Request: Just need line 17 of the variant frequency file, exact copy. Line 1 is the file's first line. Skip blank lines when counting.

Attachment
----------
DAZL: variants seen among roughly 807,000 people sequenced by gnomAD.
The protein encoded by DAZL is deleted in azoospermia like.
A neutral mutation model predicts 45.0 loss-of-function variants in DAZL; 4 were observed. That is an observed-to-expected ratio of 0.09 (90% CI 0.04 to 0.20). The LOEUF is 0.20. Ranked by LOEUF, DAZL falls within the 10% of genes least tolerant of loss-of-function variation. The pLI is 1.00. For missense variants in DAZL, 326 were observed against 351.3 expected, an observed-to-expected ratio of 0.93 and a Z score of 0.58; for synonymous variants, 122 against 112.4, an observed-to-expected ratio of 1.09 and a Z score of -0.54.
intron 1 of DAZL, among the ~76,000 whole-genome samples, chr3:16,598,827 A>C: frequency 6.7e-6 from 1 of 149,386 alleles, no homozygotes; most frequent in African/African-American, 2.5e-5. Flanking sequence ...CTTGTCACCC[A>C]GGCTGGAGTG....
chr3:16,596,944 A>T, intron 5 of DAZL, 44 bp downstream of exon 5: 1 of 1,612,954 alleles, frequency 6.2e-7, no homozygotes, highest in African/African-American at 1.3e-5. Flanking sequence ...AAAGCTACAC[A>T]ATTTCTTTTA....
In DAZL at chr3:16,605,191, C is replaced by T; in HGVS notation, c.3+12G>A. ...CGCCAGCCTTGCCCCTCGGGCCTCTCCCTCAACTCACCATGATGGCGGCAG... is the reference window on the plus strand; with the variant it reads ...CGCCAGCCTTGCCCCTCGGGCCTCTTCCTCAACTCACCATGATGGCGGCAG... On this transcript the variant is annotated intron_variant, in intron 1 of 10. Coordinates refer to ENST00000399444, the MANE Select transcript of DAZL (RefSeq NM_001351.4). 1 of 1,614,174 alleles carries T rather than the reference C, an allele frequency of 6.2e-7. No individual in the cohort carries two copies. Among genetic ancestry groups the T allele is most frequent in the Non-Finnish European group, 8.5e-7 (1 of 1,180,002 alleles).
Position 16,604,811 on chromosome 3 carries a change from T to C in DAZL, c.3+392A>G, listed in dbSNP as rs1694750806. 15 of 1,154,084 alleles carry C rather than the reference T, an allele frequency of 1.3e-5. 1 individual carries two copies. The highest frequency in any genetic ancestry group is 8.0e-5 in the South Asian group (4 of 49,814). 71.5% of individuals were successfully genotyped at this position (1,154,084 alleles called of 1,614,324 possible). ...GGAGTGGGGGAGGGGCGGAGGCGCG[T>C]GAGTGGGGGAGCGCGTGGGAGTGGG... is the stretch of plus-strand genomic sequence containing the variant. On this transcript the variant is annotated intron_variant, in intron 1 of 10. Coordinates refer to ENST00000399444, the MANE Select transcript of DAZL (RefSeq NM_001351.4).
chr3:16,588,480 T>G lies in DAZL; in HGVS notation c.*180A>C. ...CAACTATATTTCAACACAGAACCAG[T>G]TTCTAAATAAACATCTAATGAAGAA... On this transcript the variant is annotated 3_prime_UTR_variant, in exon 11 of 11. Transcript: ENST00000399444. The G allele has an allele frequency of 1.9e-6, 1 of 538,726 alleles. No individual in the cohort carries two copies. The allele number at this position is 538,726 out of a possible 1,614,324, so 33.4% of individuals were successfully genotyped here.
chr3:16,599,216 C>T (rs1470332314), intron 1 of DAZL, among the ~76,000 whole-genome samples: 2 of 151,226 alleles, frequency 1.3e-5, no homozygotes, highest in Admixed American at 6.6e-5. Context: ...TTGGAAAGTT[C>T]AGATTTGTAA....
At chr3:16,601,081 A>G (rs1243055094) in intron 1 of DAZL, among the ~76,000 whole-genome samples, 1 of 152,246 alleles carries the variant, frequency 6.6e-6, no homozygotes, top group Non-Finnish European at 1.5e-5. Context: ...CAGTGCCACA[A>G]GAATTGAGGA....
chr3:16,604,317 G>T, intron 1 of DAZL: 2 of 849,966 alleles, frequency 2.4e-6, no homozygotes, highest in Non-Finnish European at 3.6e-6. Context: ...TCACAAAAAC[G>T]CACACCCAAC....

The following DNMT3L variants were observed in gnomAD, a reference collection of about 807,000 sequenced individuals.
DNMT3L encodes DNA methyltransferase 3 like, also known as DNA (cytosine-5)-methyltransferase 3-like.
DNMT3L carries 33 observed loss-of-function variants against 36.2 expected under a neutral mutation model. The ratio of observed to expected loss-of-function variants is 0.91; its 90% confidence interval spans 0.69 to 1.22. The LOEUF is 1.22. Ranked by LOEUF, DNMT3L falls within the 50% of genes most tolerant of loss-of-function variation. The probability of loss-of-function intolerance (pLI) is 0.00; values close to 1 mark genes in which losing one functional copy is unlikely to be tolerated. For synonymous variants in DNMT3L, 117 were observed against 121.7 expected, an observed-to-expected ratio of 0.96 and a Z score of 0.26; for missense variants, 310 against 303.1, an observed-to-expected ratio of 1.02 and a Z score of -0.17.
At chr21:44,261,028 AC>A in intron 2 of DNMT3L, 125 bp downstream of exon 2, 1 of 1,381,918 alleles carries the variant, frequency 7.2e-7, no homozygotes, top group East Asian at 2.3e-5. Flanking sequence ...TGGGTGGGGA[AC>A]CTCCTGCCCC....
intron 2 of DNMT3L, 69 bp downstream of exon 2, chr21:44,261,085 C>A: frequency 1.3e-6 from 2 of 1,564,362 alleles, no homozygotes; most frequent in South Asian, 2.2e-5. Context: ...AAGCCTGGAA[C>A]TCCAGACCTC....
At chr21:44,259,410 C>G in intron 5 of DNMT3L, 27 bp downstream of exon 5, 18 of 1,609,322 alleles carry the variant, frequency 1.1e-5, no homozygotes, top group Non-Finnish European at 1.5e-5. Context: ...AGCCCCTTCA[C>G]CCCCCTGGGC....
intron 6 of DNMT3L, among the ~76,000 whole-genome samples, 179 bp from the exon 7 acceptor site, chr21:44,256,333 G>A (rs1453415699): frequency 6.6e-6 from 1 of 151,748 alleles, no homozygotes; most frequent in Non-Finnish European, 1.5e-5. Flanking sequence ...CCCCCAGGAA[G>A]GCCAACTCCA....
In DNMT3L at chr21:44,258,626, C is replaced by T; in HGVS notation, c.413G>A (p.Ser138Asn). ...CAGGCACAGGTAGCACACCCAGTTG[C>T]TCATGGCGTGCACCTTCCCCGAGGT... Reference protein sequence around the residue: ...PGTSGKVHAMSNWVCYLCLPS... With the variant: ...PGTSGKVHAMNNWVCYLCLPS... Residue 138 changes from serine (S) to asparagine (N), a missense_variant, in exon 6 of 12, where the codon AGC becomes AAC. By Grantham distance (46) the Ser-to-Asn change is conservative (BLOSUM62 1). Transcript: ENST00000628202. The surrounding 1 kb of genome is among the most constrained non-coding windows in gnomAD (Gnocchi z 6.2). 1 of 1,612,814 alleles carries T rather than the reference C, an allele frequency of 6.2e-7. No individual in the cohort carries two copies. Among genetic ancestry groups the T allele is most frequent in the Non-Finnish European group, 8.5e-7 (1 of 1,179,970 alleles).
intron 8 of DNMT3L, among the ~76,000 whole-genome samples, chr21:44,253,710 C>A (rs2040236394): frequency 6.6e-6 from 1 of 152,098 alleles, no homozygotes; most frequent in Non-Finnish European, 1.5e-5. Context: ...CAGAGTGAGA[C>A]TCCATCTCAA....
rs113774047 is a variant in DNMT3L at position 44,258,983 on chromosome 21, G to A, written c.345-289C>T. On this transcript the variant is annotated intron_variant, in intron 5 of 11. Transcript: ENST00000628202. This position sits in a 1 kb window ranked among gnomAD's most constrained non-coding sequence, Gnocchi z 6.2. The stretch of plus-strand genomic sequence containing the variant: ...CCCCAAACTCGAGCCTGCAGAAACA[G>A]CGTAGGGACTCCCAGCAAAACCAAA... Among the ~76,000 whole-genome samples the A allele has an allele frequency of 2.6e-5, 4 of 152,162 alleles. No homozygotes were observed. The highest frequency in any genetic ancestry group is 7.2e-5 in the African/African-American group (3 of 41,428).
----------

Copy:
At chr21:44,259,410 C>G in intron 5 of DNMT3L, 27 bp downstream of exon 5, 18 of 1,609,322 alleles carry the variant, frequency 1.1e-5, no homozygotes, top group Non-Finnish European at 1.5e-5. Context: ...AGCCCCTTCA[C>G]CCCCCTGGGC....